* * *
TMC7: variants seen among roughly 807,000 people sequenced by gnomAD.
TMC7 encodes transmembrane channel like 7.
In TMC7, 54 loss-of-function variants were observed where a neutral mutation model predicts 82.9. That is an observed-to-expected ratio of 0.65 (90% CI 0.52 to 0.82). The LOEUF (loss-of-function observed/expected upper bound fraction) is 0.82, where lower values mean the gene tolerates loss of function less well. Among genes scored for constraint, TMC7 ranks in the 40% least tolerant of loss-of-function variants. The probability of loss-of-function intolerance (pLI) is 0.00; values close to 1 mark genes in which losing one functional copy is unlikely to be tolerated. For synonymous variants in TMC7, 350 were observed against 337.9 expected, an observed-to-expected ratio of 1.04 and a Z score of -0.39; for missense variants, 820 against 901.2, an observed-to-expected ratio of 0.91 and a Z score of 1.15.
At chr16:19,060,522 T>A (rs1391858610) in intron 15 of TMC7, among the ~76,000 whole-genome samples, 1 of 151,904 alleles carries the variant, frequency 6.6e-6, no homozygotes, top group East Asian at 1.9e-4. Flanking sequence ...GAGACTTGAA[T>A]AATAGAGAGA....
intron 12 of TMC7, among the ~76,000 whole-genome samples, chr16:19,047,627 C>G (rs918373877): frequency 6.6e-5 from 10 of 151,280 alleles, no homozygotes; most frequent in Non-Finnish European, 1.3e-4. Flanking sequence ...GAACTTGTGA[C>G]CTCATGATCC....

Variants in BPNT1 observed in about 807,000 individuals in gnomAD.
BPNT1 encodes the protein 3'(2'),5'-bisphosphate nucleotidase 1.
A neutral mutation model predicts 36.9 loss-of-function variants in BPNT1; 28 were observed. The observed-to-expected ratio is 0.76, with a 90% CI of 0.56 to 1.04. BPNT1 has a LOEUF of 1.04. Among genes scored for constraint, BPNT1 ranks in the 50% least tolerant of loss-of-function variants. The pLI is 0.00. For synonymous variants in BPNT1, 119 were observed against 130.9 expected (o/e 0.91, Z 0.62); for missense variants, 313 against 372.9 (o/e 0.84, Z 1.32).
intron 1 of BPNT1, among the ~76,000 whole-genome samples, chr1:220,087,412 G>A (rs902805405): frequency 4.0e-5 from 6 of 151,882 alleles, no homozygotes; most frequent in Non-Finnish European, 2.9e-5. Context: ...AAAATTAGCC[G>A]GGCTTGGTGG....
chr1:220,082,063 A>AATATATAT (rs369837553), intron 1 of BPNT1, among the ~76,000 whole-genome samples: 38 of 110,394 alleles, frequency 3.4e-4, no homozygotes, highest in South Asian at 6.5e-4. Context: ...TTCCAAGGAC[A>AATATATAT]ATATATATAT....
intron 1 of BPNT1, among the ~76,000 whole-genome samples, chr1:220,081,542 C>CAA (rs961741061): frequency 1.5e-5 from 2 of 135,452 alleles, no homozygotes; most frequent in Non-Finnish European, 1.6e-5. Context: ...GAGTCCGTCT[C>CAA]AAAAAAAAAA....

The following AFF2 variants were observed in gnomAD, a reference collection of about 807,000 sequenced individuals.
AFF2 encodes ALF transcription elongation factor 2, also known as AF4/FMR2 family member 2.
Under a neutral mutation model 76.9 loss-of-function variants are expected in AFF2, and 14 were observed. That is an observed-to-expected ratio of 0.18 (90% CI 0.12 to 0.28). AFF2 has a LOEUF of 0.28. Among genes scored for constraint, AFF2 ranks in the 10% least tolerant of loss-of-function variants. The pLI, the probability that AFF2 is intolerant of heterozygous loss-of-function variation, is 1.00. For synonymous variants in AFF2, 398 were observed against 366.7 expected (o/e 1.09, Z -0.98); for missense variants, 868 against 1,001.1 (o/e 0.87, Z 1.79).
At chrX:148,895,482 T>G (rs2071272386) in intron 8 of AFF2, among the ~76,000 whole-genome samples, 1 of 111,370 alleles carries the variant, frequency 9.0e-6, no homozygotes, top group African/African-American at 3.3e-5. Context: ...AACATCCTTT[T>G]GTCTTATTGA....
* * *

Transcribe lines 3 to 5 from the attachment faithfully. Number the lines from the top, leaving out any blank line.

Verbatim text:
In TMC7, 54 loss-of-function variants were observed where a neutral mutation model predicts 82.9. That is an observed-to-expected ratio of 0.65 (90% CI 0.52 to 0.82). The LOEUF (loss-of-function observed/expected upper bound fraction) is 0.82, where lower values mean the gene tolerates loss of function less well. Among genes scored for constraint, TMC7 ranks in the 40% least tolerant of loss-of-function variants. The probability of loss-of-function intolerance (pLI) is 0.00; values close to 1 mark genes in which losing one functional copy is unlikely to be tolerated. For synonymous variants in TMC7, 350 were observed against 337.9 expected, an observed-to-expected ratio of 1.04 and a Z score of -0.39; for missense variants, 820 against 901.2, an observed-to-expected ratio of 0.91 and a Z score of 1.15.
At chr16:19,060,522 T>A (rs1391858610) in intron 15 of TMC7, among the ~76,000 whole-genome samples, 1 of 151,904 alleles carries the variant, frequency 6.6e-6, no homozygotes, top group East Asian at 1.9e-4. Flanking sequence ...GAGACTTGAA[T>A]AATAGAGAGA....
intron 12 of TMC7, among the ~76,000 whole-genome samples, chr16:19,047,627 C>G (rs918373877): frequency 6.6e-5 from 10 of 151,280 alleles, no homozygotes; most frequent in Non-Finnish European, 1.3e-4. Flanking sequence ...GAACTTGTGA[C>G]CTCATGATCC....